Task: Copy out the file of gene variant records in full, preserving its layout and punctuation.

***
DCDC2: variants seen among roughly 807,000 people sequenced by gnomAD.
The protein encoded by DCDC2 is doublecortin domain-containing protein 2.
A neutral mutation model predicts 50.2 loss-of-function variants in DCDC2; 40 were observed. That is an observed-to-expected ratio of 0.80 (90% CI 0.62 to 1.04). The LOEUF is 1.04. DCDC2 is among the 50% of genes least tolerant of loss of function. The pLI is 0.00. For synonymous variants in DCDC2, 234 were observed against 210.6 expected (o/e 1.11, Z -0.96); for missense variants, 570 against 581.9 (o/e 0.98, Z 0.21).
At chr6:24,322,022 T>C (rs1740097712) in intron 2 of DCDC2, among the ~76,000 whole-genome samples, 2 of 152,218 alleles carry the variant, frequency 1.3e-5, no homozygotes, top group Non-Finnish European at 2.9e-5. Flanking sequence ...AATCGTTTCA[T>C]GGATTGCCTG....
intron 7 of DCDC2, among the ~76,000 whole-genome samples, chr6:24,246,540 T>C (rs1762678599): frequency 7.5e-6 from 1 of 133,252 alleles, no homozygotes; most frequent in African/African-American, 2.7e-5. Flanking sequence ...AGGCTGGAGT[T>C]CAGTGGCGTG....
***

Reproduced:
DCDC2: variants seen among roughly 807,000 people sequenced by gnomAD.
The protein encoded by DCDC2 is doublecortin domain-containing protein 2.
A neutral mutation model predicts 50.2 loss-of-function variants in DCDC2; 40 were observed. That is an observed-to-expected ratio of 0.80 (90% CI 0.62 to 1.04). The LOEUF is 1.04. DCDC2 is among the 50% of genes least tolerant of loss of function. The pLI is 0.00. For synonymous variants in DCDC2, 234 were observed against 210.6 expected (o/e 1.11, Z -0.96); for missense variants, 570 against 581.9 (o/e 0.98, Z 0.21).
At chr6:24,322,022 T>C (rs1740097712) in intron 2 of DCDC2, among the ~76,000 whole-genome samples, 2 of 152,218 alleles carry the variant, frequency 1.3e-5, no homozygotes, top group Non-Finnish European at 2.9e-5. Flanking sequence ...AATCGTTTCA[T>C]GGATTGCCTG....
intron 7 of DCDC2, among the ~76,000 whole-genome samples, chr6:24,246,540 T>C (rs1762678599): frequency 7.5e-6 from 1 of 133,252 alleles, no homozygotes; most frequent in African/African-American, 2.7e-5. Flanking sequence ...AGGCTGGAGT[T>C]CAGTGGCGTG....